And Warzone isn’t alone — there are tons of high-profile games being released at a time when many people have nothing to do but sit at home and play games — PC game platform Steam posted a record 20 million concurrent players the other day, and one analysis saw a 400 percent increase in gaming traffic. So gaming is bigger than ever, while games are bigger than ever themselves.
As a result, gaming downloads will be throttled for the foreseeable future, at least in some markets. “Players may experience somewhat slower or delayed game downloads,” wrote Sony Interactive Entertainment CEO Jim Ryan in a brief blog post. I’ve asked Microsoft, Nintendo and Valve for comment on their approach as well.
It’s important to note that this should not apply to the rest of the gaming experience. Unlike downloading games, playing games is a remarkably low-bandwidth task — it’s important for packets to be traded quickly so players are in sync, but there aren’t a lot of them compared with even a low-resolution streaming video.
The best thing to do is to set your games to be downloaded overnight, since local infrastructure will be less taxed while everyone in your region is asleep. If you have downloads or updates coming during the day, don’t be surprised if they take longer than usual or are queued elsewhere.
We’ve been diligently following the development of virtual worlds, also known as the “metaverse,” on TechCrunch.
Hanging out within the virtual worlds of games has become more popular in recent years with the growth of platforms like Roblox and open-world games like Fortnite, but it still isn’t a mainstream way to socialize outside of the young-adult demographic.
Given all that has changed in just the last three weeks — who would have thought that large swaths of the knowledge economy would suddenly find themselves entirely interacting virtually? — I wanted to get a sense of what the rising popularity of virtual worlds looks like in the midst of the outbreak of novel coronavirus. Eric and I had a call to discuss this and decided to share our conversation publicly.
Danny Crichton: So let’s talk about timing a bit. You wrote this eight-article series around virtual worlds and then all of a sudden post-publication there is this massive event — the novel coronavirus pandemic — causing a large portion of the human population to stay at home and interact only online. What’s happening now in the space?
Eric Peckham: I wrote my series on the multiverse because I was already seeing a surge of interest, both in terms of consumer demand for open-world MMO games and in terms of social media giants like Facebook and Snap trying to incorporate virtual worlds and social games into their platforms. Large companies are planning for virtual worlds in a way that is actionable and not just a futuristic vision. Over the last couple of years there has also been a lot of VC investment into a handful of startups focused on building next-generation virtual worlds for people to spend time in, virtual worlds with complex societies shaped by users’ contributions.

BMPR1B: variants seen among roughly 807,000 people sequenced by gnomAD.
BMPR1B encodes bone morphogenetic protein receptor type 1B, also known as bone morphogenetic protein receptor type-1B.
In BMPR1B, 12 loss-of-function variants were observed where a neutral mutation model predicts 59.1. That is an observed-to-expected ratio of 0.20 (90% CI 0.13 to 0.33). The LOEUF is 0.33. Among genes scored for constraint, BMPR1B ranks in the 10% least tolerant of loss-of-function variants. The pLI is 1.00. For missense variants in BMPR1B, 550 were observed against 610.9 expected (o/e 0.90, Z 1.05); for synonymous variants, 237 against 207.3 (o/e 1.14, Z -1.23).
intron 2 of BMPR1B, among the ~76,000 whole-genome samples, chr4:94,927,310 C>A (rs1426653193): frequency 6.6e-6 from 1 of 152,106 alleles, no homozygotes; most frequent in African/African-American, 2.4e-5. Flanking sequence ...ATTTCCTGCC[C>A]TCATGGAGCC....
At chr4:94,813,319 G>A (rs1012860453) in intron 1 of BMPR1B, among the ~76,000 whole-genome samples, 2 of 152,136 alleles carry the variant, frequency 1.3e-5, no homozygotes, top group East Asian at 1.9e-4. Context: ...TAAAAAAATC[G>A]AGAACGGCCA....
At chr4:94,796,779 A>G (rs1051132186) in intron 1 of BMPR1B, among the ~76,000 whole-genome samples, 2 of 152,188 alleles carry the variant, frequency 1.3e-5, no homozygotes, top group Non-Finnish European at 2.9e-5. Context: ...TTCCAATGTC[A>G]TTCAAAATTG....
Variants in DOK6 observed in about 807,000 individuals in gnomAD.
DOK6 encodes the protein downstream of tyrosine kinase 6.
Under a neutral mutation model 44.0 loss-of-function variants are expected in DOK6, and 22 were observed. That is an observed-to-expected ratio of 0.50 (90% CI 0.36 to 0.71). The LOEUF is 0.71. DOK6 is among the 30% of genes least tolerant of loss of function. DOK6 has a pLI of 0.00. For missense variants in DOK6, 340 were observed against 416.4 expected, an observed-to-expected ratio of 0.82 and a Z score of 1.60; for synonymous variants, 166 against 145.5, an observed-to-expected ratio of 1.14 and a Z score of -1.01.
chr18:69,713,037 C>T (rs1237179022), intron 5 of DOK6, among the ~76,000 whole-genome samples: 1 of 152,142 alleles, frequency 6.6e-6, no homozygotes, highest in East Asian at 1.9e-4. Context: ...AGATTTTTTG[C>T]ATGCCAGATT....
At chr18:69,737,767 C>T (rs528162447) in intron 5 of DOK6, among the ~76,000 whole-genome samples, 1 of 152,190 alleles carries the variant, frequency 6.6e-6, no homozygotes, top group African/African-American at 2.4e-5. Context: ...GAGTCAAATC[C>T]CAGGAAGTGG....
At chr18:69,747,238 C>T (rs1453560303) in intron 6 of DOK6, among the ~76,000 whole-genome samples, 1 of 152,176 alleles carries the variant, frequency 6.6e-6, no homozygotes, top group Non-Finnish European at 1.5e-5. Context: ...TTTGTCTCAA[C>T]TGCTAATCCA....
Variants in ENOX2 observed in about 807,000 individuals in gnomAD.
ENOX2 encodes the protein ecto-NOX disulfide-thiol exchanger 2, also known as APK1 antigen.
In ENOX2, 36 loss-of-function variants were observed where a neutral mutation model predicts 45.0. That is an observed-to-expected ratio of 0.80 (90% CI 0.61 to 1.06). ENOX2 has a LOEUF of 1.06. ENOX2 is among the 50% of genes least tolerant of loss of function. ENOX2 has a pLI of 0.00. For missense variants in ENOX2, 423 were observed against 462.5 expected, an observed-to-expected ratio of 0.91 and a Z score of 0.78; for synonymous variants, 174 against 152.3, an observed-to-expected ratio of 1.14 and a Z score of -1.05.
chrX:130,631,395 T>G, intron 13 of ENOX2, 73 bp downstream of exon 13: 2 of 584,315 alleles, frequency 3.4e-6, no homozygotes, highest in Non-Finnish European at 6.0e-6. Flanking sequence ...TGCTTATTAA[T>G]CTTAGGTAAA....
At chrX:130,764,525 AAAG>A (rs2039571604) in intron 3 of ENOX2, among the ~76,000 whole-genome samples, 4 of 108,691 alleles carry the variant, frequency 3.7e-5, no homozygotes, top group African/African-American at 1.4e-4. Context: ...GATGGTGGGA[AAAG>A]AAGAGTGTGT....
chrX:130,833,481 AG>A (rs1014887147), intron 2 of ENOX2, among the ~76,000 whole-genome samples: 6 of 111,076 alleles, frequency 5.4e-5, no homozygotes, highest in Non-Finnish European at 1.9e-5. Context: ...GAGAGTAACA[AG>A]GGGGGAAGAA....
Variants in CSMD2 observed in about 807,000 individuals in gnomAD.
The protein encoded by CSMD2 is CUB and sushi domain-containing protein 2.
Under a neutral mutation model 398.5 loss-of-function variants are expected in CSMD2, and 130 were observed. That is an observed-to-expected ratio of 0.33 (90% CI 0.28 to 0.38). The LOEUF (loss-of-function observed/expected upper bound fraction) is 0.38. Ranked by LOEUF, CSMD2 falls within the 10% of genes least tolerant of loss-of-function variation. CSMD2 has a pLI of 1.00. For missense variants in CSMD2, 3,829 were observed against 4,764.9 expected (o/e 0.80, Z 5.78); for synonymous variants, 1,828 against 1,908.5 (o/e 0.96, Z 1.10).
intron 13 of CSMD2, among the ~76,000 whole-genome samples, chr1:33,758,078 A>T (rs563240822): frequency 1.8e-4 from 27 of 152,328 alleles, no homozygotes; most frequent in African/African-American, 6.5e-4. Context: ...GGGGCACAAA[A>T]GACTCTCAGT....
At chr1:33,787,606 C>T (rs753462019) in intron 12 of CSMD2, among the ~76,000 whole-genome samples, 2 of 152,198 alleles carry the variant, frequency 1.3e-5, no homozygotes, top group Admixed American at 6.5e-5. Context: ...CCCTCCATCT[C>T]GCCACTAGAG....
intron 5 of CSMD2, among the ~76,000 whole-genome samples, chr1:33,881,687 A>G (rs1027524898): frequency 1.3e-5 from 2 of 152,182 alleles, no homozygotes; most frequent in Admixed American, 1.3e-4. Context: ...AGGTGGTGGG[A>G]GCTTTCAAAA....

Talking to founders and investors in the gaming space, there has been a huge increase in usage over the last few weeks as more people hang out at home playing games, whether it’s on the adult side or the kid side.
Most of these next-generation virtual worlds are still in private beta but already popular platforms like Roblox, Minecraft, and Fortnite are getting substantially more use than normal. A large portion of people stuck at home are escaping via the virtual worlds of games.
You wrote this whole analysis before you knew the extent of the pandemic — how has the outlook changed for this industry?
This accelerates the timeline of virtual worlds being a mainstream place to hang out and socialize in daily life. I think people will be at home for multiple months, not just a couple of weeks, and it’s going to change people’s perspectives on socializing and working from home.
That’s a really powerful cultural shift. It’s getting more people beyond the core gaming community excited about spending time in virtual worlds and hanging out with their friends there.
We have seen this most heavily with the youngest generation of internet users. The majority of kids 9-12 years old are users of Minecraft and Roblox who hang out there with friends after school. We’ll see that expand to older demographics more quickly than it was going to before.
One of the complaints that I’ve seen on Twitter is that even though we have one of the largest global human lockdowns of all time, all the VR headsets are basically gone. Is VR a key component of virtual worlds?
Well, you don’t need VR headsets in order to spend meaningful time with others in a virtual space. Hundreds of millions of people already do it through their mobile phones and through PCs and consoles.
This is at the heart of the gaming industry: creating virtual worlds for people to spend time in, both pursuing the mission of whatever a game is designed for but also interacting with others. Among the most popular mobile and PC games last year were massively multiplayer online (MMO) games.
Talking about gaming, one facet of the story that I thought was particularly interesting was the fact that gaming was still not that high in terms of market penetration in the population.
More than two billion people play video games in the context of a year. There’s incredible market penetration in that sense. But, at least for the data I’ve seen for the U.S., the percent of the population who play games on a given day is still much lower than the percent of the population who use social media on a given day.